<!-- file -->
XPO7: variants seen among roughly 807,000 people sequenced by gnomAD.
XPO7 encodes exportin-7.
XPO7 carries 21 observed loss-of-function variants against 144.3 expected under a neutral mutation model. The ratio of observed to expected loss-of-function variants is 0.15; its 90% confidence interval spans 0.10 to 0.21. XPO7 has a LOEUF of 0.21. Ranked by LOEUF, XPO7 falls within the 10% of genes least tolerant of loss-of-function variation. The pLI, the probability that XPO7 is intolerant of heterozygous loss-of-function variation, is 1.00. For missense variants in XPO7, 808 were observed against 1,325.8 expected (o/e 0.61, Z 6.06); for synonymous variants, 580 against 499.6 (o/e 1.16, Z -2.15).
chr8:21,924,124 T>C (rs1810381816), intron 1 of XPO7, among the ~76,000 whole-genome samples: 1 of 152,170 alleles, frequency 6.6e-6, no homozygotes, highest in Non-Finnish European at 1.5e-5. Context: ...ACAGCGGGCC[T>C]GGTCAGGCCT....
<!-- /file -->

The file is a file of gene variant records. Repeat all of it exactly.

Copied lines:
XPO7: variants seen among roughly 807,000 people sequenced by gnomAD.
XPO7 encodes exportin-7.
XPO7 carries 21 observed loss-of-function variants against 144.3 expected under a neutral mutation model. The ratio of observed to expected loss-of-function variants is 0.15; its 90% confidence interval spans 0.10 to 0.21. XPO7 has a LOEUF of 0.21. Ranked by LOEUF, XPO7 falls within the 10% of genes least tolerant of loss-of-function variation. The pLI, the probability that XPO7 is intolerant of heterozygous loss-of-function variation, is 1.00. For missense variants in XPO7, 808 were observed against 1,325.8 expected (o/e 0.61, Z 6.06); for synonymous variants, 580 against 499.6 (o/e 1.16, Z -2.15).
chr8:21,924,124 T>C (rs1810381816), intron 1 of XPO7, among the ~76,000 whole-genome samples: 1 of 152,170 alleles, frequency 6.6e-6, no homozygotes, highest in Non-Finnish European at 1.5e-5. Context: ...ACAGCGGGCC[T>C]GGTCAGGCCT....